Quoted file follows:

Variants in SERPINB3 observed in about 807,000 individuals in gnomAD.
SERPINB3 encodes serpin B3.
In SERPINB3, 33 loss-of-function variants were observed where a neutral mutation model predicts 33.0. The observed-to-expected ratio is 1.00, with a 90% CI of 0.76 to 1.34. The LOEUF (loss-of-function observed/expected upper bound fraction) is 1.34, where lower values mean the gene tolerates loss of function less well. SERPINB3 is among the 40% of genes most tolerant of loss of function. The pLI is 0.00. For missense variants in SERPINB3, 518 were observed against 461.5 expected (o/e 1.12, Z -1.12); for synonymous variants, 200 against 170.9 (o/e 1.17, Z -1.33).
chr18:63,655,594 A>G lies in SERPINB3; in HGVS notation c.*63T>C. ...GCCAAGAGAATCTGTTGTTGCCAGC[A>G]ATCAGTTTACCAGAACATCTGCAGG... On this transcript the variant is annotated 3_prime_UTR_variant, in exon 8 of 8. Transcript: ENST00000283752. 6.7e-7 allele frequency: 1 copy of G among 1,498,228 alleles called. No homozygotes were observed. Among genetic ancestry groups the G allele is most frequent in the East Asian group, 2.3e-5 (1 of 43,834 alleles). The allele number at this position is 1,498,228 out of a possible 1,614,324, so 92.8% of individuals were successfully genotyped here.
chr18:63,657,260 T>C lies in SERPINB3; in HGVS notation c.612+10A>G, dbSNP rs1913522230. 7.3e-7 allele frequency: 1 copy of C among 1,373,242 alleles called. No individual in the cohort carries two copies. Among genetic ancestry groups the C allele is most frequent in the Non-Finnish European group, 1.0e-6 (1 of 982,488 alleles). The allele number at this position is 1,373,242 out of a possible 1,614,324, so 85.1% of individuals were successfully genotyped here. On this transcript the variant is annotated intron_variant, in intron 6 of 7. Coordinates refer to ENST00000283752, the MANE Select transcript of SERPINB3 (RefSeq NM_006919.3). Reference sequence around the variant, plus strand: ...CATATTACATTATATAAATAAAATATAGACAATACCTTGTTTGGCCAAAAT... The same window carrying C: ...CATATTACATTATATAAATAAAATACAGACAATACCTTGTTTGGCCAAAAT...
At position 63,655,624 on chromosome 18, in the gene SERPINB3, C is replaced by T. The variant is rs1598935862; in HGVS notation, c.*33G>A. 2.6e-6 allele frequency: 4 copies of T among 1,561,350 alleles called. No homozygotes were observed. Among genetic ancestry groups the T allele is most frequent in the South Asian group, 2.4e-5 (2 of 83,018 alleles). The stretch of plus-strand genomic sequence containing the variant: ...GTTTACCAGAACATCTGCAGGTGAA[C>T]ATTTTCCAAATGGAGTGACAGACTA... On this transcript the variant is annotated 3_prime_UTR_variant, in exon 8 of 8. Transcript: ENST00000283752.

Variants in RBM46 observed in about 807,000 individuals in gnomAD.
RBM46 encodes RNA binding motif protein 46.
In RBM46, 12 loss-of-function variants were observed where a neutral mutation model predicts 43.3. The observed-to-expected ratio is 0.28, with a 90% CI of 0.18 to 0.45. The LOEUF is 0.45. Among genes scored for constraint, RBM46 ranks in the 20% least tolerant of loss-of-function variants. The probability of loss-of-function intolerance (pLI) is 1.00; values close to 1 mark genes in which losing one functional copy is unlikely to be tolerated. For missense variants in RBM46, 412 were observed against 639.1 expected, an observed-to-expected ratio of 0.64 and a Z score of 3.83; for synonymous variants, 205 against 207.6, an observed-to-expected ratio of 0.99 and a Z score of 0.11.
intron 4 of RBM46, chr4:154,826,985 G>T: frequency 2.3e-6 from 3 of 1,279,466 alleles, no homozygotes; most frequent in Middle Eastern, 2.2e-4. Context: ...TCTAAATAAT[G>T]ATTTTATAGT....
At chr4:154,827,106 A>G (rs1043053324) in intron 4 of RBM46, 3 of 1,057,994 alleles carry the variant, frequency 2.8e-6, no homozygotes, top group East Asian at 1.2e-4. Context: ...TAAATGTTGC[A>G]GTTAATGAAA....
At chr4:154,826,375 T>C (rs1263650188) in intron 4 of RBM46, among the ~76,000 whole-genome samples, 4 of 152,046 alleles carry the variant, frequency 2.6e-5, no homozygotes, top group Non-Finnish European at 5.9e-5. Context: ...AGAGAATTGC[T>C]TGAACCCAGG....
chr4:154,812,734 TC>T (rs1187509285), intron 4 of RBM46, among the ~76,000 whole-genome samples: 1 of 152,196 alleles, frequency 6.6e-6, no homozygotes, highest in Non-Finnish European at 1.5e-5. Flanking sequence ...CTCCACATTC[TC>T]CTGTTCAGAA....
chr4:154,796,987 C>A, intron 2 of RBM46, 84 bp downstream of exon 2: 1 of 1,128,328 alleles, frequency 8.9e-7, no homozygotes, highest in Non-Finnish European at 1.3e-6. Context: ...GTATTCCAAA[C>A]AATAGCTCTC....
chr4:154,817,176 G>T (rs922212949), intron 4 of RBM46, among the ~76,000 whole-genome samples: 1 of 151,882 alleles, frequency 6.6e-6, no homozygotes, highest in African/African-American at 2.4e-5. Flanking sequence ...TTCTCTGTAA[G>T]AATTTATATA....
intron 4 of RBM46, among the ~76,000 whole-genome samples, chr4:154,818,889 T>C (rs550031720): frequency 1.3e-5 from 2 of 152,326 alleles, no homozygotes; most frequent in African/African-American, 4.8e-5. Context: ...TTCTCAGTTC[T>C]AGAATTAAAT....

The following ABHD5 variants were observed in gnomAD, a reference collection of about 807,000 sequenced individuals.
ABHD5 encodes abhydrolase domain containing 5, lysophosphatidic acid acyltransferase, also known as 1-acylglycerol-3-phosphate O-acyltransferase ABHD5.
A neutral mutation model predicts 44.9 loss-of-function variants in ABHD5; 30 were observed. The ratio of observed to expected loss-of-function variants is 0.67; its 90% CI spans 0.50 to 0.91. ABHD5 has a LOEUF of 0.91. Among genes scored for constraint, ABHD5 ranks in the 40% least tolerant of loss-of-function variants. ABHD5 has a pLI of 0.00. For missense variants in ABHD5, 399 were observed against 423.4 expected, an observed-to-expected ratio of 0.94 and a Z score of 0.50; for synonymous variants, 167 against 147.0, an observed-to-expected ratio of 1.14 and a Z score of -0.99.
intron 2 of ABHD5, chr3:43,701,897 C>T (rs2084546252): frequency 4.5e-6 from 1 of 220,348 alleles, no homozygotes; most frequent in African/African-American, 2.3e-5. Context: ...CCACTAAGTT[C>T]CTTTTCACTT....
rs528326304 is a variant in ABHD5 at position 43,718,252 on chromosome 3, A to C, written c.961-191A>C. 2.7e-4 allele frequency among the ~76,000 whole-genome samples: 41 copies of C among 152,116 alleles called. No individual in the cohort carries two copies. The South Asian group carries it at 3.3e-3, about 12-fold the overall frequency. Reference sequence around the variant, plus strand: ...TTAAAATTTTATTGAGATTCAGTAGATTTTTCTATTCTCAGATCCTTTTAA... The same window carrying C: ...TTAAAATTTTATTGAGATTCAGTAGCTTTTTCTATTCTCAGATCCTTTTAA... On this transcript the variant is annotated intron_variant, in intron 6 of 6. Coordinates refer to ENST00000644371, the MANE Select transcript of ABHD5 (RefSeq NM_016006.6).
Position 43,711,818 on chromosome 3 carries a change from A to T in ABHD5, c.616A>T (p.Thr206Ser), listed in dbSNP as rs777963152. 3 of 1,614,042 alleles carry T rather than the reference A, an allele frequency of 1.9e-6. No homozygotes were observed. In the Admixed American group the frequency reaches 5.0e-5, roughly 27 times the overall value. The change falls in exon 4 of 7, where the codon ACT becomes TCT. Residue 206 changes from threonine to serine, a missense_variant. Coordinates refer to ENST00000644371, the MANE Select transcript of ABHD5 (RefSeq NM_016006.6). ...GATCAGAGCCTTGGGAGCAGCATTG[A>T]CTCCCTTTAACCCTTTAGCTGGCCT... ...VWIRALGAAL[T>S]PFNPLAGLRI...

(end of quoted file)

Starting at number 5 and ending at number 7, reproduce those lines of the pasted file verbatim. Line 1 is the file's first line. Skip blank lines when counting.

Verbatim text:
chr18:63,657,260 T>C lies in SERPINB3; in HGVS notation c.612+10A>G, dbSNP rs1913522230. 7.3e-7 allele frequency: 1 copy of C among 1,373,242 alleles called. No individual in the cohort carries two copies. Among genetic ancestry groups the C allele is most frequent in the Non-Finnish European group, 1.0e-6 (1 of 982,488 alleles). The allele number at this position is 1,373,242 out of a possible 1,614,324, so 85.1% of individuals were successfully genotyped here. On this transcript the variant is annotated intron_variant, in intron 6 of 7. Coordinates refer to ENST00000283752, the MANE Select transcript of SERPINB3 (RefSeq NM_006919.3). Reference sequence around the variant, plus strand: ...CATATTACATTATATAAATAAAATATAGACAATACCTTGTTTGGCCAAAAT... The same window carrying C: ...CATATTACATTATATAAATAAAATACAGACAATACCTTGTTTGGCCAAAAT...
At position 63,655,624 on chromosome 18, in the gene SERPINB3, C is replaced by T. The variant is rs1598935862; in HGVS notation, c.*33G>A. 2.6e-6 allele frequency: 4 copies of T among 1,561,350 alleles called. No homozygotes were observed. Among genetic ancestry groups the T allele is most frequent in the South Asian group, 2.4e-5 (2 of 83,018 alleles). The stretch of plus-strand genomic sequence containing the variant: ...GTTTACCAGAACATCTGCAGGTGAA[C>T]ATTTTCCAAATGGAGTGACAGACTA... On this transcript the variant is annotated 3_prime_UTR_variant, in exon 8 of 8. Transcript: ENST00000283752.

Variants in RBM46 observed in about 807,000 individuals in gnomAD.